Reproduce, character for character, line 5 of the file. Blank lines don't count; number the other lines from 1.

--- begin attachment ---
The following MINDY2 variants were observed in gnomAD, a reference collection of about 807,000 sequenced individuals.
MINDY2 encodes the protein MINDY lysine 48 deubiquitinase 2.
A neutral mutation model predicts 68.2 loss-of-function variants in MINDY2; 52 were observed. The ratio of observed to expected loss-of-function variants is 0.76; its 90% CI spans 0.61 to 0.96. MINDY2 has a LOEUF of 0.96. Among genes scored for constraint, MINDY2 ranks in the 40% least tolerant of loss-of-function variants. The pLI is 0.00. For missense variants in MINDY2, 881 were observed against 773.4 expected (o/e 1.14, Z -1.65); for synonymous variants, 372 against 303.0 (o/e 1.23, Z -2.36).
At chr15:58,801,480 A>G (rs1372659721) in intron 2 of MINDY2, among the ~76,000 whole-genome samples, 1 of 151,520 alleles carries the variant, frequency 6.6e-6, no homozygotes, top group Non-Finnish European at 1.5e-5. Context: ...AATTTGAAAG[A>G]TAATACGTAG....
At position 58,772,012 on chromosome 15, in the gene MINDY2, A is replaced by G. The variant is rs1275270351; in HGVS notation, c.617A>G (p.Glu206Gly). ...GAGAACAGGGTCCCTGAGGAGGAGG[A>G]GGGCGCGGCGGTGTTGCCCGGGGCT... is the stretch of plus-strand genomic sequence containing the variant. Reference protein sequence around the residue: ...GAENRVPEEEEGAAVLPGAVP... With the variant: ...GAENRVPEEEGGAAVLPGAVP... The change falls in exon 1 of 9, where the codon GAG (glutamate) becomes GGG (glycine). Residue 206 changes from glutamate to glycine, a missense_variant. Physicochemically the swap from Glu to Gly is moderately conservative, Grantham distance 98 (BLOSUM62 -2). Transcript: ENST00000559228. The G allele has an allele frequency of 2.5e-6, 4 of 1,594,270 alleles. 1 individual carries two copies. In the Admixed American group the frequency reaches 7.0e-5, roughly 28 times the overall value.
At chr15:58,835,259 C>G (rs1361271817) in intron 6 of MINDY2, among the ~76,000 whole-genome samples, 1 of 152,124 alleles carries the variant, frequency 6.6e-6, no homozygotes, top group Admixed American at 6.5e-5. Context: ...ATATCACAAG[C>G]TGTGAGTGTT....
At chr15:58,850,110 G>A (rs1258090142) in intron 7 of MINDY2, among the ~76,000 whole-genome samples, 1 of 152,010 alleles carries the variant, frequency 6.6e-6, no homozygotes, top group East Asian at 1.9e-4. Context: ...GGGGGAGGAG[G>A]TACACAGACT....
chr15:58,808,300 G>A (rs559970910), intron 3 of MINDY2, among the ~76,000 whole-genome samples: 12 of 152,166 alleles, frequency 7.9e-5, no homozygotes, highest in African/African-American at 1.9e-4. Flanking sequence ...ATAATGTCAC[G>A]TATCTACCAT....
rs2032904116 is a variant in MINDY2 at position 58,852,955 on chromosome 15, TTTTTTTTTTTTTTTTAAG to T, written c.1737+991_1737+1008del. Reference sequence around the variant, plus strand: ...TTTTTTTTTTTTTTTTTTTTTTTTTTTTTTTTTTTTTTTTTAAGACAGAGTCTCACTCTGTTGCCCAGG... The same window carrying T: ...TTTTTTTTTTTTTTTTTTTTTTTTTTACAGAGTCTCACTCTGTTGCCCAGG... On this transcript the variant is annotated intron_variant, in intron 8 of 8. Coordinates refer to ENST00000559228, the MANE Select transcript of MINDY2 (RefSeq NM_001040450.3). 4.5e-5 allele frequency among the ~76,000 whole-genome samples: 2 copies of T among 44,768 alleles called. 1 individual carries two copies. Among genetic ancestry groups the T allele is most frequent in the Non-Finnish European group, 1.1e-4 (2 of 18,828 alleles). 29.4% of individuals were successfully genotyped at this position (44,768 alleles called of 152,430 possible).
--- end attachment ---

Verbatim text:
At position 58,772,012 on chromosome 15, in the gene MINDY2, A is replaced by G. The variant is rs1275270351; in HGVS notation, c.617A>G (p.Glu206Gly). ...GAGAACAGGGTCCCTGAGGAGGAGG[A>G]GGGCGCGGCGGTGTTGCCCGGGGCT... is the stretch of plus-strand genomic sequence containing the variant. Reference protein sequence around the residue: ...GAENRVPEEEEGAAVLPGAVP... With the variant: ...GAENRVPEEEGGAAVLPGAVP... The change falls in exon 1 of 9, where the codon GAG (glutamate) becomes GGG (glycine). Residue 206 changes from glutamate to glycine, a missense_variant. Physicochemically the swap from Glu to Gly is moderately conservative, Grantham distance 98 (BLOSUM62 -2). Transcript: ENST00000559228. The G allele has an allele frequency of 2.5e-6, 4 of 1,594,270 alleles. 1 individual carries two copies. In the Admixed American group the frequency reaches 7.0e-5, roughly 28 times the overall value.